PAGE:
My friend Lois made shrimp cocktail which went well with the whites. Linda made my Crostini with Pea Puree and Yogurt & Mint. I served some cheeses, some lighter, some heavier, and the caponata will be served with pita crackers (Trader Joe’s are great). With a can of smoked albacore on hand, I also made a favorite EASY appetizer, Smoked Albacore with Red Onion. And I’ve already posted the recipe for the Outrageous Brownies which were served with the last of the darker reds. I offered to open a bottle of after-dinner wine if our guests wanted some, but everyone was topped up. The cellar has about 10 after-dinner bottles and I just don’t open those. Except for a party, I guess!

So, once you’ve made the caponata, do chill it for a day if you can spare the time. Caponata improves with a day or two of chilling – letting those flavors meld. Caponata keeps well – I’d guess it’ll keep in the refrigerator for at least 2 weeks. You could freeze it, but my guess is once thawed, the veggies would turn to mush.

What’s GOOD: the flavors are just so special. Nothing unusual in this – but the combo? Oh gosh, yes it’s good. Keeps for a couple of weeks, though eating it within 3-5 days would be best. Good to make it ahead. In fact, it’s better made a day or two ahead.

What’s NOT: only the time spent – there’s a lot of chopping and prepping of vegetables. You’ll be at or near the range for about 1 1/2 hours for sure.

printer-friendly PDF and MasterCook file (click link to open recipe)

* Exported from MasterCook *

Italian Caponata

Recipe By: unknown
Serving Size: 10

2 pounds eggplant — Japanese type
1 pound Roma tomatoes
1/2 cup olive oil
1 medium onion — chopped
1 medium red onion — chopped
1 1/2 cups celery — chopped
1 large garlic clove — minced
1/4 cup parsley — minced
12 whole olives — Mediterranean, pitted
2 tablespoons capers
1/4 cup red wine vinegar
2 tablespoons water
1 tablespoon sugar
1 1/2 tablespoons tomato paste
salt and pepper — to taste
2 tablespoons pine nuts — toasted

1. With a sharp paring knife, peel 2 eggplants; leave other eggplant unpeeled to add color and texture to the dish.
2. Cut all eggplant into 1-2-inch cubes; place cubes in colanders over paper towels, salt well and mix eggplant with your hands. Allow to drain about 30 minutes, preferably 1-2 hours, while preparing other ingredients. Peel the tomatoes by dipping a few at a time in boiling water for 5-15 seconds and then into cold water. Carefully remove skins and cut tomatoes in half. Remove and discard seeds, then dice tomatoes.
3. In a large, heavy skillet heat about 3 T olive oil and add onions. Cook about 8 minutes, until onions are soft, but not browned, stirring occasionally. Add celery, garlic and mix thoroughly. Continue cooking until all vegetables are soft and tender, about 5 minutes. With slotted spoon, remove vegetables to a large Dutch oven or roasting pot. Pat eggplant dry with paper towels to remove salt and liquid. In the same skillet, cook a single layer of eggplant, adding olive oil as needed and stir constantly for about 8 minutes, until soft, tender and slightly browned. Remove eggplant to Dutch oven and brown succeeding batches, adding oil as needed. Add diced tomatoes, parsley, olives and capers to cooked vegetable mixture in skillet; mix well and cook over low heat for a few minutes.
4. In a bowl combine the vinegar, water, sugar and tomato paste and stir until sugar is fully dissolved. Pour mixture into Dutch oven and stir thoroughly. Cover and cook over low heat for 15 minutes, stirring often. Be careful not to break up mixture to a mush; the vegetables need to retain their shape and texture and not become soupy. Season to taste with salt and pepper.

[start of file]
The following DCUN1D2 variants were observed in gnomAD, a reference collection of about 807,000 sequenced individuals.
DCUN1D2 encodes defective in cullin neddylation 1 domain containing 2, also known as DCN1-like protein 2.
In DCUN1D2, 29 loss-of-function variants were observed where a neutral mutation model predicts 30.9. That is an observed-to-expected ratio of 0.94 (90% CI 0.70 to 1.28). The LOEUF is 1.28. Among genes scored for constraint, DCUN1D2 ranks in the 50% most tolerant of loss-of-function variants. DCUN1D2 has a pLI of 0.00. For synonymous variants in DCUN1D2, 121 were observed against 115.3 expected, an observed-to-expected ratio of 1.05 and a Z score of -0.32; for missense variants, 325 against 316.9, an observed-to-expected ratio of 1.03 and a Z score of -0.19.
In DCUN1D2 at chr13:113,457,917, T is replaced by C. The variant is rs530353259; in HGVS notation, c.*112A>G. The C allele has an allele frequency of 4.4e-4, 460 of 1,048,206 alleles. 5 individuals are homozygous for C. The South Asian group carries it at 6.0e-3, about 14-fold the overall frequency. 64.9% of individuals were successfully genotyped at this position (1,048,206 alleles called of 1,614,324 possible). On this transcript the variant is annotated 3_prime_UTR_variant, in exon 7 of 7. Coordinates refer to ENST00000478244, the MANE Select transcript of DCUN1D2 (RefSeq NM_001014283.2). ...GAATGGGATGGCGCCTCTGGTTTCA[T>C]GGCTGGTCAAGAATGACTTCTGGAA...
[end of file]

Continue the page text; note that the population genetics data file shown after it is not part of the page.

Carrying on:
5. Remove from heat and refrigerate, covered, for at least one day to let all the flavors mellow. To serve, spoon mixture into a salad bowl or plate (wood is recommended) and garnish top with toasted pine nuts. Serve with toasted pita triangles or baguette slices or crusty Italian bread.
6. TO TOAST PINE NUTS: Place nuts in a single layer in a dry Teflon coated skillet over low heat and toast until lightly brown, stirring and WATCHING CONSTANTLY.
Per Serving: 176 Calories; 13g Fat (65.0% calories from fat); 2g Protein; 14g Carbohydrate; 4g Dietary Fiber; 0mg Cholesterol; 137mg Sodium; 8g Total Sugars; 0mcg Vitamin D; 42mg Calcium; 1mg Iron; 459mg Potassium; 63mg Phosphorus.

Posted in Uncategorized, on June 9th, 2021.

A short post from Carolyn. No food in this post . . . just a little catch-up regarding the blog. Finally the blog platform is working the way it should, and those of you who have been long-time subscribers have been added to the new website that does subscription forwarding. It’s called follow.it, and they – of course –  are an online marketing website and offer a variety of tools to a user (like you) to “follow” various websites – news, or whatever. It’s up to you whether you utilize any of their other services besides the one you’ll get from the blog. You should receive an email in your inbox whenever there is a new post from tastingspoons. If you don’t get them, please email me – go to the contact page for how to reach me directly, or you can leave a comment on this post. I’m hoping they won’t be loading you up with more emails about their services – hopefully you can opt out of various notifications if it becomes a nuisance.

 

Chart above from flowingdata.com. If you want to see more charts describing changing food habits, click on See How Much We Ate Over the Years. It’s a fascinating article with multiple charts similar to the above. The one for vegetables was also very interesting. Are we surprised (the chart above) to note that chicken has taken over top spot for protein? Look where chicken was (on the left) back in the 70s and how it’s leaped up and up and up. Beef has moved into 2nd place, and pork into 3rd.